Sunlight/Sunshine by E. I. Couse
Couse Studio interior
Sharp Studio interior
Inside Couse Sharp Studio
Sharp Studio second floor
Tours by reservation Mon - Sat, gallery open 1 - 5 Tue - Sat
In 1915, six American-born, European-trained artists founded the Taos Society of Artists with the mission to promote the art and scenery of the American Southwest. They influenced American Southwest art then, and their influence endures today. Most of the larger museums in the Southwest currently exhibit art by the TSA artists.
Today, Couse-Sharp Historic Site reflects the original goals of these artists and continues to promote their mission. The Site includes not only the home and studio of E. I. Couse, but also the garden designed by his wife, Virginia, the workshops of his son, Kibbey, and the two studios of his neighbor and fellow artist, Joseph Henry Sharp. The Site also brings to light the contributions of the Native models who sat for their paintings and the Native artists whose work was collected and used by both artists, as well as a long and interesting history of previous owners.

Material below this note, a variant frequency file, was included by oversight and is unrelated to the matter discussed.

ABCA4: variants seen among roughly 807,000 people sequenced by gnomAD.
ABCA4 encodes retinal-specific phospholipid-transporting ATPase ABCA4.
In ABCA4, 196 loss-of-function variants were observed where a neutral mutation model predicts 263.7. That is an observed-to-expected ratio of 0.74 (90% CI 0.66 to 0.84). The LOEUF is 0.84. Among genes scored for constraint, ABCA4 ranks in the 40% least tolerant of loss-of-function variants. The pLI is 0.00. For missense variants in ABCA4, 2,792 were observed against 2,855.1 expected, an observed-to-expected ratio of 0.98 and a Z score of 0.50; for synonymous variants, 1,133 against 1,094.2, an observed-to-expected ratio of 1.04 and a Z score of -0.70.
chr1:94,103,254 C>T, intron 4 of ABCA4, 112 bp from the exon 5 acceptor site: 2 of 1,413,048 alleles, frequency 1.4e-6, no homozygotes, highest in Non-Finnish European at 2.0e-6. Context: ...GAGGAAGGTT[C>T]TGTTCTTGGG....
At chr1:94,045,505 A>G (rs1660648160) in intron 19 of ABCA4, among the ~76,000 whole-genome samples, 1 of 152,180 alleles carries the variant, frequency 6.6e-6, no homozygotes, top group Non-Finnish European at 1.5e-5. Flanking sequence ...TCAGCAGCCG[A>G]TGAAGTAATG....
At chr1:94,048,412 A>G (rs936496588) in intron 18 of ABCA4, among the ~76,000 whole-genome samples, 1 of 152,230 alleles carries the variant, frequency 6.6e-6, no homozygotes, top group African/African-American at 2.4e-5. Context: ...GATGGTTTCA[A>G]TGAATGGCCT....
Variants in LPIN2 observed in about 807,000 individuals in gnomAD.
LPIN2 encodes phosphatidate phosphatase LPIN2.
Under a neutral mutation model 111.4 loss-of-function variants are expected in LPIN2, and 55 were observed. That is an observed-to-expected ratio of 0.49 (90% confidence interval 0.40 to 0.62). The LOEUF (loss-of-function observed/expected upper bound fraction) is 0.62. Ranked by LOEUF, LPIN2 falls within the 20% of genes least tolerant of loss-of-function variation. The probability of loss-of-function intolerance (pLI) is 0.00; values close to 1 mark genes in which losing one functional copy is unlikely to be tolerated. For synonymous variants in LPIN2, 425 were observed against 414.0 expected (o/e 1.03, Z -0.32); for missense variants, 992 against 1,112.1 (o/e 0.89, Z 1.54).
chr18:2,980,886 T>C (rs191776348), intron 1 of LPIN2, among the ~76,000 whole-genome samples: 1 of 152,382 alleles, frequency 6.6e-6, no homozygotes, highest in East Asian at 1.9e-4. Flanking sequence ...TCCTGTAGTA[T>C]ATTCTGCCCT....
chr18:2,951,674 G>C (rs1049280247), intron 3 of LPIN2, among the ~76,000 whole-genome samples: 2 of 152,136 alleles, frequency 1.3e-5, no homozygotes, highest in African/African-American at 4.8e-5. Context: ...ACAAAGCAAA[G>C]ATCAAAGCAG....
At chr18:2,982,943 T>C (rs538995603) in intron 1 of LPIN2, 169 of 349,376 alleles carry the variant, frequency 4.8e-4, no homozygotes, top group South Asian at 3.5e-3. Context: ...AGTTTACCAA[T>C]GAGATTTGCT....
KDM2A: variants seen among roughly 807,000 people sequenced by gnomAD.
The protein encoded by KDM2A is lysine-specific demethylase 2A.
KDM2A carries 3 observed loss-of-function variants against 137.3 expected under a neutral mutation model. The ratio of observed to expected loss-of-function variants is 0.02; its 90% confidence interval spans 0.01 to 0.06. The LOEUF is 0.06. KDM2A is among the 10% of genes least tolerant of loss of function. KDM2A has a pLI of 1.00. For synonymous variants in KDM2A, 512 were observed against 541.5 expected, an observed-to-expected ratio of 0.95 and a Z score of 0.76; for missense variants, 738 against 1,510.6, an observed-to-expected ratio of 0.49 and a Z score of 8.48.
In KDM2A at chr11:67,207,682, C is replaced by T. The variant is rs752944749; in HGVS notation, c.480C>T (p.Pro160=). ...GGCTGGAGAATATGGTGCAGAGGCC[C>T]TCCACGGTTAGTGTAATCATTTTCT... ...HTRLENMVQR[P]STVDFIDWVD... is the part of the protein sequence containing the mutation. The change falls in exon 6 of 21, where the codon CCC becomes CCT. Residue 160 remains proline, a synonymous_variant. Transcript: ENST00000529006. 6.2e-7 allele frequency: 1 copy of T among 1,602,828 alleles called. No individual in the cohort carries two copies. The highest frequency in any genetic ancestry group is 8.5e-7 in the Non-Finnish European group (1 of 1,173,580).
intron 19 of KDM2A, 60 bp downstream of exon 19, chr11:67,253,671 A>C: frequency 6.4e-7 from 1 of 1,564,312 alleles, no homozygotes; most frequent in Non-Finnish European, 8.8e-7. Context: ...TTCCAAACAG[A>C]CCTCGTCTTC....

Sharp's 1915 studio, restored in early 2017, now hosts a permanent rotating exhibition of his artwork, personal effects, and Native art he collected and used in his paintings.
The new, state-of-the-art Lunder Research Center at 138 Kit Carson Road has an exhibition space available Tue - Sat 1 - 5 pm except for holidays and when shows are changed. Check our website for current exhibition and schedule.
Public areas of the site can be toured by appointment, and open houses with docents in each room are held the first Saturday afternoon of each month June-October. To make an appointment, visit couse-sharp.org or call the site office.